“A full-on trade war remains a risk for the global economy as there is still room for miscalculation from either China or the US,” Chua Han Teng, head of Asia country risk and financial markets at BMI Research, said.

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China’s economy would probably be able to absorb the negative impact of the latest US tariffs on its exports as they would account for only about 0.4 per cent of China’s 2017 GDP, he said.

The fact that Beijing did not specify when the new tariffs would be imposed leaves room for negotiations between the two nations.

Zhu Guangyao, China’s vice-minister for finance, told a press conference on Wednesday that China’s list had yet to take effect and called for talks to de-escalate the tension.

“Both sides have put questions on the table, now it is time to negotiate for cooperation. But it should have one precondition – mutual respect, not enforcing or improperly imposing conditions by one side to the other side,” he said.

Financial and commodities markets around the world fell in response to the latest moves by the two countries, with stock futures of US carmakers and aircraft companies – both of which are at the centre of China’s tariff plans – among the worst hit. Shares in General Motors and Ford both lost ground, while Boeing stocks fell sharply.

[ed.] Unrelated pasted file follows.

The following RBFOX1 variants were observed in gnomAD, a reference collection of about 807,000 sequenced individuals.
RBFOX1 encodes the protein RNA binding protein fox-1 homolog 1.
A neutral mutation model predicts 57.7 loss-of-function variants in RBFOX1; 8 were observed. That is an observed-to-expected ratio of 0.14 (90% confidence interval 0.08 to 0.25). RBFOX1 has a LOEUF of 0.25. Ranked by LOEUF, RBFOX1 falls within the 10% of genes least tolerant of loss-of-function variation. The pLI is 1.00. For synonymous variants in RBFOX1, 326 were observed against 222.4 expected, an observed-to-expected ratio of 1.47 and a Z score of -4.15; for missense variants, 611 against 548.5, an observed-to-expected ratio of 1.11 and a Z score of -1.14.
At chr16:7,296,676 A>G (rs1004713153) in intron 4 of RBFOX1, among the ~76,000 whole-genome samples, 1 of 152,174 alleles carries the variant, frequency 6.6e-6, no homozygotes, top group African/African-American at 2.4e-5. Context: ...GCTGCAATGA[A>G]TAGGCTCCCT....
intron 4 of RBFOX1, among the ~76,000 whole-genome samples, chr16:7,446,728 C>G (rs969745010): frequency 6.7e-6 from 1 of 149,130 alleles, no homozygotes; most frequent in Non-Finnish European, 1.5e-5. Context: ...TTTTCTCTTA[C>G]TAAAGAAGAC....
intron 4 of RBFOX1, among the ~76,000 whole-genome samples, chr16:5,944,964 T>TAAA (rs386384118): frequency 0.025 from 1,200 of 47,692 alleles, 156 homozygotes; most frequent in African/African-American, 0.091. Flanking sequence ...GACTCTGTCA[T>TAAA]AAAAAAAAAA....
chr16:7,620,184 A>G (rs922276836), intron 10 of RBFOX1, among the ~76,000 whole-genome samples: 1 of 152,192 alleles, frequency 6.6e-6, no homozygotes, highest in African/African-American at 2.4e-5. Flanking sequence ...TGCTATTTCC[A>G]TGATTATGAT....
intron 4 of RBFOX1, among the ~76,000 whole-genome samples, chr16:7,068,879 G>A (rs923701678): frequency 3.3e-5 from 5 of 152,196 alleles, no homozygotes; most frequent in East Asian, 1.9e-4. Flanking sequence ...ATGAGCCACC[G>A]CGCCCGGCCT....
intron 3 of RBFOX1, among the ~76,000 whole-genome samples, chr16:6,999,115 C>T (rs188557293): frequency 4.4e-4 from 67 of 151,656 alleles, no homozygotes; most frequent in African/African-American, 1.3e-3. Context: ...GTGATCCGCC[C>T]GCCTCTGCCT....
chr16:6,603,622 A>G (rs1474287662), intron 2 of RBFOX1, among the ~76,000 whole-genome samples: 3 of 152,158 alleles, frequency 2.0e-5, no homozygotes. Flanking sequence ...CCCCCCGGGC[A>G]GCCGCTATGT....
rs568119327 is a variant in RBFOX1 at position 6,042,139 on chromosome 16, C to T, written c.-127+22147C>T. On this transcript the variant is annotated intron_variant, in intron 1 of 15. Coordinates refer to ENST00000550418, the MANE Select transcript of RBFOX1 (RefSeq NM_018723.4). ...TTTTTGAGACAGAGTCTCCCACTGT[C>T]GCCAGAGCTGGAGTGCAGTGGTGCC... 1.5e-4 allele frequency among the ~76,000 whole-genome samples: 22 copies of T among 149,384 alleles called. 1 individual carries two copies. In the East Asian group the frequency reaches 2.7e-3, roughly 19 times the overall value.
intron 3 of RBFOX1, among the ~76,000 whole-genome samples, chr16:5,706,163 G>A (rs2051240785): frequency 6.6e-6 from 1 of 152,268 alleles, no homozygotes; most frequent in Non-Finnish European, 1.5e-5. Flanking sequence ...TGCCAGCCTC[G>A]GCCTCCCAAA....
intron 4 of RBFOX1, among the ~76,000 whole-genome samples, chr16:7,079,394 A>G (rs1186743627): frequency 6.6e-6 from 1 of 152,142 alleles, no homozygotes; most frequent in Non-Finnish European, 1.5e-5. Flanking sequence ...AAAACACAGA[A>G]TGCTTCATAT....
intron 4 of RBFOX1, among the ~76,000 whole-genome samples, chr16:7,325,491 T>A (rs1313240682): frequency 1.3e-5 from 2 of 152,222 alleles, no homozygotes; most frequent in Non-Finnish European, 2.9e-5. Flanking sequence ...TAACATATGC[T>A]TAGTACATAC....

Shortly after the opening bell, the Dow Jones Industrial Average was down 1.9 per cent, while in Hong Kong, the benchmark Hang Seng Index fell 2.2 per cent on the day, ending below the 30,000 mark for the first time in a month.

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The gloomy sentiment also hit European markets, with Germany’s DAX, which was down 1 per cent at its midday close of trade, faring worst.

In the commodities markets, soybeans on the Chicago Board Trade fell more than 4 per cent after Beijing’s action, while corn and wheat futures also slid.

On Tuesday, Washington announced plans to impose 25 per cent tariffs on 1,300 Chinese products following an investigation into China’s trade practices and policies, including “Made in China 2025”, Beijing’s strategy to guide the country’s industrial modernisation.